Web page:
The U.S. Supreme Court warns against state funding of private schools

The U.S. Supreme Court (SCOTUS) has again ruled that a state will be required to fund religious schooling if, but only if, it provides funding for private schooling. Speaking for the Court’s Republican supermajority in Carson v. Makin, Chief Justice John Roberts put it this way: “A State need not subsidize private education. But once a State decides to do so, it cannot disqualify some private schools solely because they are religious.” The words may seem familiar because Roberts previously stated them to be the law of the land in a case from Montana in 2020.

It is a given that there will be a concerted effort in the Idaho Legislature next year to enact legislation, such as a school voucher program, that would allow state funds to be used for private schooling. If such legislation were to be approved, SCOTUS has just made it clear that Idaho taxpayer money will have to also go to support religious schooling. And, the fact is that the State will have little oversight on the use of those funds or what theology the taxpayers will be required to finance.

The Idaho Constitution strictly prohibits the use of public funds for any form of religious education. For the past 132 years, the separation of public money from religious instruction has been rigidly upheld in Idaho. SCOTUS has unfortunately provided a workaround. Those who want to pay taxpayer money to religious schools can simply pass a voucher program to evade the prohibition in our Constitution.

Idaho voters need to let legislators know that the diversion of taxpayer money to private schooling will further degrade public education for Idaho kids. Legislators are mandated by the Idaho Constitution to “establish and maintain a general, uniform and thorough system of public, free common schools.” The Legislature has chronically failed to honor that mandate.

The Idaho Supreme Court ruled in 2005 that Idaho’s funding of educational facilities was wholly inadequate to meet the constitutional requirement. The situation is growing worse each year. A recent study disclosed that it would take about $850 billion to bring public school facilities up to good condition. Supplemental school levies against taxpayers have increased from $140 million in the 2011-2012 school year to $218 million in 2021-2022. Idaho has ranked last in the nation for per-pupil spending during each of the last two school years. The State is obviously vulnerable to legal action for its constitutional failure to support its school system.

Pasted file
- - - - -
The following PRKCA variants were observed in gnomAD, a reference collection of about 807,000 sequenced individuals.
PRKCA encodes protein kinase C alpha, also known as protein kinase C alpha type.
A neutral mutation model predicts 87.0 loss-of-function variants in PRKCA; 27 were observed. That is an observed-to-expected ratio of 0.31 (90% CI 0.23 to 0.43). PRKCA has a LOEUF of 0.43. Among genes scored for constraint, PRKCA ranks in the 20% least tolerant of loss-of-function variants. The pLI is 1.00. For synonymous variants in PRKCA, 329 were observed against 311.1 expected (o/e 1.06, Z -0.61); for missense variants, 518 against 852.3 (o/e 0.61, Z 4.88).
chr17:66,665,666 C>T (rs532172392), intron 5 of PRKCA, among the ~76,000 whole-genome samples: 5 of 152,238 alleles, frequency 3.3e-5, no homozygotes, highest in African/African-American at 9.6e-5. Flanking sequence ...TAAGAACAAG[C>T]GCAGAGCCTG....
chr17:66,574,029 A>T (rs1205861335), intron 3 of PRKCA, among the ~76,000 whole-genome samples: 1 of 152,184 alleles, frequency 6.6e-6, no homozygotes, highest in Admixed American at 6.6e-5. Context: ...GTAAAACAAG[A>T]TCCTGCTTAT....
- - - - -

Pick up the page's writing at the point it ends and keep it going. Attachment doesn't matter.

If legislators take money that should be used for public schools and divert it to private schooling, they will surely invite a lawsuit. The State has no business supporting private schools, while the public school system is suffering from insufficient funding.

The so-called Idaho Freedom Foundation (IFF) and its supporters in the Legislature are doing their level best to sabotage the public school system. They have worked hard to underfund the school system, endangering its effectiveness. They then point to the lack of student achievement as grounds for supporting school choice alternatives. A voucher program would be a disaster for public schools, particularly in rural areas where the local school is the heart and soul of the community. Local taxpayers would remain on the hook for all of the bonds they had to float because of the Legislature’s failure to meet its constitutional funding responsibility.

The IFF will claim that the recent SCOTUS decision makes Idaho’s prohibition against financing religious schools inoperable. That simply is not the case. So long as the Legislature does not approve some sort of scheme to subsidize private school education, the constitutional prohibition remains effective. We need to improve our public education system by ensuring it has sufficient funding to properly educate our kids, not to consign it to the trash heap.

Jim Jones

About Jim Jones

Jim Jones is a Vietnam combat veteran who served 8 years as Idaho Attorney General (1983-1991) and 12 years as Justice of the Idaho Supreme Court (2005-2017).

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